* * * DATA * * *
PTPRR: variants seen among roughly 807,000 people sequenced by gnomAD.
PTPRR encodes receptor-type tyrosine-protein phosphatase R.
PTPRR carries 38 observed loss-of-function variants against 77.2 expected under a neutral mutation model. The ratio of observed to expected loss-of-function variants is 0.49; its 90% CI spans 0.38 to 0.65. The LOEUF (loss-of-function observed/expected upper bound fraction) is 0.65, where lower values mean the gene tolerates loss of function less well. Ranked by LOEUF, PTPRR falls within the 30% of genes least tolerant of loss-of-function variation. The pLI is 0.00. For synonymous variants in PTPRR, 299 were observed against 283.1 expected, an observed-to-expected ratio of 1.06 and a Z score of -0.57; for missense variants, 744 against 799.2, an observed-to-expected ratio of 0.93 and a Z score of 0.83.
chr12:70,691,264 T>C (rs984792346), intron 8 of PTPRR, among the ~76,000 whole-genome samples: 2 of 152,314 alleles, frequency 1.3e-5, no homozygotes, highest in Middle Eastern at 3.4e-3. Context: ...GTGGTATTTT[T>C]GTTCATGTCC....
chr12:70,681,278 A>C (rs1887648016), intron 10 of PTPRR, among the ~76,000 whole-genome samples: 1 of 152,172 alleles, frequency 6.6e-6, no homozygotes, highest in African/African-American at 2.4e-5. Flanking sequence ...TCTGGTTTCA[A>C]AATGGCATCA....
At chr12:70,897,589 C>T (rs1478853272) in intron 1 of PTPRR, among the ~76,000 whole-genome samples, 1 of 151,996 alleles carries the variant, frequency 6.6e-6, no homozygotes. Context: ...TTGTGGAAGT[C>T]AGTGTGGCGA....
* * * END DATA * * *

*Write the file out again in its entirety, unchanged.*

PTPRR: variants seen among roughly 807,000 people sequenced by gnomAD.
PTPRR encodes receptor-type tyrosine-protein phosphatase R.
PTPRR carries 38 observed loss-of-function variants against 77.2 expected under a neutral mutation model. The ratio of observed to expected loss-of-function variants is 0.49; its 90% CI spans 0.38 to 0.65. The LOEUF (loss-of-function observed/expected upper bound fraction) is 0.65, where lower values mean the gene tolerates loss of function less well. Ranked by LOEUF, PTPRR falls within the 30% of genes least tolerant of loss-of-function variation. The pLI is 0.00. For synonymous variants in PTPRR, 299 were observed against 283.1 expected, an observed-to-expected ratio of 1.06 and a Z score of -0.57; for missense variants, 744 against 799.2, an observed-to-expected ratio of 0.93 and a Z score of 0.83.
chr12:70,691,264 T>C (rs984792346), intron 8 of PTPRR, among the ~76,000 whole-genome samples: 2 of 152,314 alleles, frequency 1.3e-5, no homozygotes, highest in Middle Eastern at 3.4e-3. Context: ...GTGGTATTTT[T>C]GTTCATGTCC....
chr12:70,681,278 A>C (rs1887648016), intron 10 of PTPRR, among the ~76,000 whole-genome samples: 1 of 152,172 alleles, frequency 6.6e-6, no homozygotes, highest in African/African-American at 2.4e-5. Flanking sequence ...TCTGGTTTCA[A>C]AATGGCATCA....
At chr12:70,897,589 C>T (rs1478853272) in intron 1 of PTPRR, among the ~76,000 whole-genome samples, 1 of 151,996 alleles carries the variant, frequency 6.6e-6, no homozygotes. Context: ...TTGTGGAAGT[C>T]AGTGTGGCGA....